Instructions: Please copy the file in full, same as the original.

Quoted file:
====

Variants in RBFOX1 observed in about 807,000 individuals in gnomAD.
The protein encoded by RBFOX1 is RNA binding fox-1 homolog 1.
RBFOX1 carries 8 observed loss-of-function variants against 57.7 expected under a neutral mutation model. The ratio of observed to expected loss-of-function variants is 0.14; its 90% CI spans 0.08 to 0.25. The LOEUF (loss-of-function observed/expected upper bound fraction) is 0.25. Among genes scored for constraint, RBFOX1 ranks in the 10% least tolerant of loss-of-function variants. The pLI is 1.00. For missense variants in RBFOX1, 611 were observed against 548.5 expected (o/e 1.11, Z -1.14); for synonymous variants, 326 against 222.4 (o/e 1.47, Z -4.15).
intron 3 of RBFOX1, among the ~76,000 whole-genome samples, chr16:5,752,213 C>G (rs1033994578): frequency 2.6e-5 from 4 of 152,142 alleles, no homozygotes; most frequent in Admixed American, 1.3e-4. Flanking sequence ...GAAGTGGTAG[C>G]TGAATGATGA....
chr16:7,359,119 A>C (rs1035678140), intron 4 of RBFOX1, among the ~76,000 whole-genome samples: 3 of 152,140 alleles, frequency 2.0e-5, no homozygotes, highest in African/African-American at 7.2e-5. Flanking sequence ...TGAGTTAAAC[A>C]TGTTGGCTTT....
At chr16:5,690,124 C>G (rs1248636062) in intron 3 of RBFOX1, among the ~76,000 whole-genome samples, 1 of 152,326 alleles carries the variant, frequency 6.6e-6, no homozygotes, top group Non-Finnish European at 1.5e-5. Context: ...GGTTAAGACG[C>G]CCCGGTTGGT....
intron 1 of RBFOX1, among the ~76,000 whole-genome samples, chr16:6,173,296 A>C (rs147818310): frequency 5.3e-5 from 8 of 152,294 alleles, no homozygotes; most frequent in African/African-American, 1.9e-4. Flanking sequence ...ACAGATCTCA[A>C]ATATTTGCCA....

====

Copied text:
Variants in RBFOX1 observed in about 807,000 individuals in gnomAD.
The protein encoded by RBFOX1 is RNA binding fox-1 homolog 1.
RBFOX1 carries 8 observed loss-of-function variants against 57.7 expected under a neutral mutation model. The ratio of observed to expected loss-of-function variants is 0.14; its 90% CI spans 0.08 to 0.25. The LOEUF (loss-of-function observed/expected upper bound fraction) is 0.25. Among genes scored for constraint, RBFOX1 ranks in the 10% least tolerant of loss-of-function variants. The pLI is 1.00. For missense variants in RBFOX1, 611 were observed against 548.5 expected (o/e 1.11, Z -1.14); for synonymous variants, 326 against 222.4 (o/e 1.47, Z -4.15).
intron 3 of RBFOX1, among the ~76,000 whole-genome samples, chr16:5,752,213 C>G (rs1033994578): frequency 2.6e-5 from 4 of 152,142 alleles, no homozygotes; most frequent in Admixed American, 1.3e-4. Flanking sequence ...GAAGTGGTAG[C>G]TGAATGATGA....
chr16:7,359,119 A>C (rs1035678140), intron 4 of RBFOX1, among the ~76,000 whole-genome samples: 3 of 152,140 alleles, frequency 2.0e-5, no homozygotes, highest in African/African-American at 7.2e-5. Flanking sequence ...TGAGTTAAAC[A>C]TGTTGGCTTT....
At chr16:5,690,124 C>G (rs1248636062) in intron 3 of RBFOX1, among the ~76,000 whole-genome samples, 1 of 152,326 alleles carries the variant, frequency 6.6e-6, no homozygotes, top group Non-Finnish European at 1.5e-5. Context: ...GGTTAAGACG[C>G]CCCGGTTGGT....
intron 1 of RBFOX1, among the ~76,000 whole-genome samples, chr16:6,173,296 A>C (rs147818310): frequency 5.3e-5 from 8 of 152,294 alleles, no homozygotes; most frequent in African/African-American, 1.9e-4. Flanking sequence ...ACAGATCTCA[A>C]ATATTTGCCA....